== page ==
The independent student newspaper at Goucher College


By Jimy Kuhn ’27

On Friday, February 16th, Goucher College hosted the 18th Annual Jewel Robinson Dinner in the Athenaeum. I happened to be meandering around just before the start of the event looking for something to do so I decided to walk down and explore, to see what was going on on my beloved college campus. 

Two things: Firstly, it was a formal event. There were suits and ties, so I looked very out of place in my shaggy cotton sweater and olive coat. Secondly, as I walked past the Student Store, what presented itself to me was an open bar! Hallelujah! So I, naturally, ask the bartender for a glass of wine, lean against a pillar, and watch the beginnings of the ceremony. Students from the Dance department did a wonderful number and there were good spirits all around. 

Once they broke for dinner, however, I was approached by someone running the event who asked if I had found my seat yet. I replied that I was not on the list and she promptly asked for my (empty) glass of wine and heavily implied that I was not welcome there. So, I left.

This is not particularly jarring. I probably did just seem like some punk college kid trying to get a drink in. However, the context that the event was hosted in the place where Alice’s Restaurant used to stand, somewhere I used to be welcome, gives it a little more weight.

Alice’s Restaurant was demolished early this semester in response to a survey sent out regarding the hours of the Student Market and Alice’s. Following the results of the survey, it was determined that the Student Market would be open later, serving hot foods until 11 p.m., but at the cost of Alice’s, a beloved and important haunt on campus.

The impact this has on the Goucher community is huge. All of our third spaces now revolve around a single building. And while I do love Mary Fisher, it has a distinct vibe…

That of a dining hall.

It is more important to have a diverse set of locations on campus to hang out in than to have one centralized location for all things social. For example, what about those students who suffer from sensory issues and find the hustle and bustle of a busy dining hall too much? Where are they to spend their time? Or what if we are simply sick of hanging out in a dining hall all day? 

Mary Fisher is simply not a replacement for Alice’s.

I feel there are certain points on this which deserve attention. Looking at the results of the survey, it seems that the fourth option to “Close Alice’s & have the Student Market open daily with hot food offerings” won the vote, but the results are not public. There’s no way to know for sure.

If that is the case, then that result is shocking to me. I have not met a single other student who voted for that option. The loss of another third space on campus is disheartening to many, so some speculation is in order.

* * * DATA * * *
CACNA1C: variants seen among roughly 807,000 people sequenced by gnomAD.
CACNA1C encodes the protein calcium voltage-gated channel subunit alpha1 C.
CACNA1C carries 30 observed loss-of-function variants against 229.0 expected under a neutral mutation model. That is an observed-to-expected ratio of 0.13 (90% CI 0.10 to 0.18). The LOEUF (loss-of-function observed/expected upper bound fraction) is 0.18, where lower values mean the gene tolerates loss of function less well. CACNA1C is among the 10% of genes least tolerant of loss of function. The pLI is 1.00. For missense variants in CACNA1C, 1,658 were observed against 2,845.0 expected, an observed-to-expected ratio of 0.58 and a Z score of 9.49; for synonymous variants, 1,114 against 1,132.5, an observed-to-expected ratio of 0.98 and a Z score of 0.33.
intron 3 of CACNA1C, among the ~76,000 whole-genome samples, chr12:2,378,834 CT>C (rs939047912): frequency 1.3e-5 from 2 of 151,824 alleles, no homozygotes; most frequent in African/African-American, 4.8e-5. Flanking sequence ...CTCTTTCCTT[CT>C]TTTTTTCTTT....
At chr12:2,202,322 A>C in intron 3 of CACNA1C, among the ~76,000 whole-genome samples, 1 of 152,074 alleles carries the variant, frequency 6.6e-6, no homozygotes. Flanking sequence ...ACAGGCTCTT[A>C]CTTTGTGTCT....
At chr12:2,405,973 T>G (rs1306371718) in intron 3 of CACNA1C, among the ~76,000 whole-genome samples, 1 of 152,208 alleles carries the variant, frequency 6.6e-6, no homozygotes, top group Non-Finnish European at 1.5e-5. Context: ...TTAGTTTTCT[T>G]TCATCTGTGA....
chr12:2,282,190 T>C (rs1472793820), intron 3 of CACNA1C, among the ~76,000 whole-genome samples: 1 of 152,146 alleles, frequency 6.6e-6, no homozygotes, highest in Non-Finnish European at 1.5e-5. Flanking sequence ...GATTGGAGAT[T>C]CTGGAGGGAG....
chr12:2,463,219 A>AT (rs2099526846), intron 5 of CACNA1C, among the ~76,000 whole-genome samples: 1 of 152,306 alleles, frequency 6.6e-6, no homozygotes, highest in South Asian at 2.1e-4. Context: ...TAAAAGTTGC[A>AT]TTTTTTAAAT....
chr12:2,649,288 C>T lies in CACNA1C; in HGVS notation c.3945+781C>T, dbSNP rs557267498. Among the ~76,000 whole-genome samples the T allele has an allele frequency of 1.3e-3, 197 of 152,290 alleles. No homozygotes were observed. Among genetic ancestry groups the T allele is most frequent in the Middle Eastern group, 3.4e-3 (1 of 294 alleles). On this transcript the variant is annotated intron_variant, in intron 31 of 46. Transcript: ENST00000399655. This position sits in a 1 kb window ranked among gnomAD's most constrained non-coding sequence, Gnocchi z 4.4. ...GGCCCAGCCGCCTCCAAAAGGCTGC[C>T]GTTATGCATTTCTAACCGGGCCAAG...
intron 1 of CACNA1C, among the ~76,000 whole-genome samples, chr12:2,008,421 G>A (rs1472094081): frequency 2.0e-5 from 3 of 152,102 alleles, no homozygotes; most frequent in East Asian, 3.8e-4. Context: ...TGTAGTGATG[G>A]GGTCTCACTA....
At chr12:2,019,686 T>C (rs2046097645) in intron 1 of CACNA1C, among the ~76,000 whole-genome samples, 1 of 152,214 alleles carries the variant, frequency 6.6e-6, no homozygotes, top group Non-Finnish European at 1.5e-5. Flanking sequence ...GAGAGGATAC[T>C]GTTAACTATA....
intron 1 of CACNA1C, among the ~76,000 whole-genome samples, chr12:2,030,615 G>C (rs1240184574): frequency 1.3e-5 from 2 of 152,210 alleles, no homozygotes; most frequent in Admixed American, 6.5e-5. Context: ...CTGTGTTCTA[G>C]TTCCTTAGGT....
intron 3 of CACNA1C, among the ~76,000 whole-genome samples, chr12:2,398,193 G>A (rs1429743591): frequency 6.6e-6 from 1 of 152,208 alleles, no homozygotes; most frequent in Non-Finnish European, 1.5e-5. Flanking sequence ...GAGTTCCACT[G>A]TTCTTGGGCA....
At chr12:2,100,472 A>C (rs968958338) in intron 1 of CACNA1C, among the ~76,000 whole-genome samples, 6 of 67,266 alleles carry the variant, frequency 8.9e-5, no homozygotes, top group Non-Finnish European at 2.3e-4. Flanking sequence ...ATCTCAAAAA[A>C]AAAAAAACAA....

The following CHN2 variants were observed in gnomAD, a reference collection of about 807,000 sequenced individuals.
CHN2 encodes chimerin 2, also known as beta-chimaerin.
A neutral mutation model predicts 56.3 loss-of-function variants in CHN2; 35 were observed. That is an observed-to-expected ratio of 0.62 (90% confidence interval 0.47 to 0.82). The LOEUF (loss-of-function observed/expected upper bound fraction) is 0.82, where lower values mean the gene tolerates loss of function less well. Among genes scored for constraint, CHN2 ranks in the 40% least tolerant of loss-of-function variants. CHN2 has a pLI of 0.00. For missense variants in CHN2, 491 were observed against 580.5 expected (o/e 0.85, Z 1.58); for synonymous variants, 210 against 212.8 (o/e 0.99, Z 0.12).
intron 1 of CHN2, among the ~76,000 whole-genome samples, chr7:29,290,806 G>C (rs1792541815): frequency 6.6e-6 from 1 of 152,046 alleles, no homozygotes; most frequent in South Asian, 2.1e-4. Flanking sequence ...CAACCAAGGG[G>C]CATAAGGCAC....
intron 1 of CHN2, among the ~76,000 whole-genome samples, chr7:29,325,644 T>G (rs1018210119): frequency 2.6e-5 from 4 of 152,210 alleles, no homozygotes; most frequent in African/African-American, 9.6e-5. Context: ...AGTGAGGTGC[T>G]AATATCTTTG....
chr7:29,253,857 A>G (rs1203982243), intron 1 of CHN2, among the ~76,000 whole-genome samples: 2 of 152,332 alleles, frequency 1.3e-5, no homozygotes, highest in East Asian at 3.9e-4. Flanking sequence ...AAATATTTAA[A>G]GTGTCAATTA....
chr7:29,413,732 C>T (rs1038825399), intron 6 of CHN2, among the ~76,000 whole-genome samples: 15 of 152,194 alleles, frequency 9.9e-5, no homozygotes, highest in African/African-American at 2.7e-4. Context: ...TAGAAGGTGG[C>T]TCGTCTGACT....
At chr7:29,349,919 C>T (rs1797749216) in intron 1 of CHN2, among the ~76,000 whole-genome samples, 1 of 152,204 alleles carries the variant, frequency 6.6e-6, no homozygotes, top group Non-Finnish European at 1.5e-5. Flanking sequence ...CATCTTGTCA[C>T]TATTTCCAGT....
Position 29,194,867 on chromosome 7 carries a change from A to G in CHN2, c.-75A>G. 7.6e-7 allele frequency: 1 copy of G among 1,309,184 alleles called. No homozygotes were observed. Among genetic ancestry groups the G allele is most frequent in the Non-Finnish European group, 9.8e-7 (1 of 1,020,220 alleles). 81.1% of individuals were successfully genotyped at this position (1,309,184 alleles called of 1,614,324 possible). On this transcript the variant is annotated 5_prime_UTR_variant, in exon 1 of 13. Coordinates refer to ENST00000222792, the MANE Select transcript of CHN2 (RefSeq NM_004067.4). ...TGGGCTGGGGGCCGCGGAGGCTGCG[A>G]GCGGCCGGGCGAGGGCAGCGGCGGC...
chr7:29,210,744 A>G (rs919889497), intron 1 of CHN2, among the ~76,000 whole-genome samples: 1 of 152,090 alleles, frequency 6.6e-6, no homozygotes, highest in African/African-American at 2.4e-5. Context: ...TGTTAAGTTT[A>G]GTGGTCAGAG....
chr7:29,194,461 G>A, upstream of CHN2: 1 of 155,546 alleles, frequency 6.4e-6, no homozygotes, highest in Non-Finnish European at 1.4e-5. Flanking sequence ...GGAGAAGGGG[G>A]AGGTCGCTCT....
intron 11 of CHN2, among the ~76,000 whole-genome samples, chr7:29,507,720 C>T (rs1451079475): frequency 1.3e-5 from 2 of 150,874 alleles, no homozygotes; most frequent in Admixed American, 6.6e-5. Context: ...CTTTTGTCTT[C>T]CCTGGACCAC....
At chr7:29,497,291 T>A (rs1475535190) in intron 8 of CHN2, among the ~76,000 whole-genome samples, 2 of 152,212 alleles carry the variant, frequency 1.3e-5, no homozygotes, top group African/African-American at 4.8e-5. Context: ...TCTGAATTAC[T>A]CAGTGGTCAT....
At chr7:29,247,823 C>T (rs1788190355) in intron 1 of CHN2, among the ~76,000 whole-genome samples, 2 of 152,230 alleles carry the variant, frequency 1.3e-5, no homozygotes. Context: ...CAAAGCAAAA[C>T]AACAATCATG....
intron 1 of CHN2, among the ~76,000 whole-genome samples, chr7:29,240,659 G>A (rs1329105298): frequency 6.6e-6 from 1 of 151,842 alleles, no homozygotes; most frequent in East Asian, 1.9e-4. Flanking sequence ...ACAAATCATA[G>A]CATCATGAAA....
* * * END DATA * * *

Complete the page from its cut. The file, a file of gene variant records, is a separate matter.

Who are the people who would vote for the option to close Alice’s? Well, people who do not think Alice’s is important in their community would obviously vote for having more food later. 

The group that comes to mind is athletes. They do not need Alice’s as a way of supporting their community because they already have a strong community built between their teammates, so getting hot food later is the obvious answer for them. 

Paired with the fact that individuals wouldn’t have voted for the fourth option, thus wishing to keep Alice’s open, but were divided between three other options. It seems to me that the athletes managed to outvote the rest of the student population. My guesstimate is that each of the other options in the survey got roughly 20% of the vote each, which all together stands for 60% of the student population in favor of keeping Alice’s open, and the fourth option, to close Alice’s, got only 40% of the vote. The decision to close Alice’s was not the majority of the student vote.

This is not to blame athletes for closing Alice’s nor am I saying their want for a later food option was wrong. I would just like it to be known that the decision to close Alice’s was allowed to happen due to the results of a flawed survey. The administration will justify to hell and back that the abolishment of Alice’s was what the Goucher community wanted, but that is simply not true. The majority of students wished to keep Alice’s open. 

In addition, the revelation that part of the reason for removing Alices was to make the space more appealing to those who would want to rent out the Hyman Forum for events, tells me that Goucher has higher priorities than facilitating community, despite the dire need for it on campus. Community is not flourishing on campus and the decisions made seem to disregard any attempts to nourish it. Goucher often makes decisions based on money or the needs of the students, such as getting food, which are valid reasons, but at every turn, they seem to ignore our most crucial need: Community.

Disclaimer: This piece was published as a student’s op-ed submission. The Quindecim is a space for all students within the Goucher community to express their views and beliefs. These pieces are released in the name of journalistic integrity and not in an attempt to antagonize or reflect the institution of Goucher as a whole.

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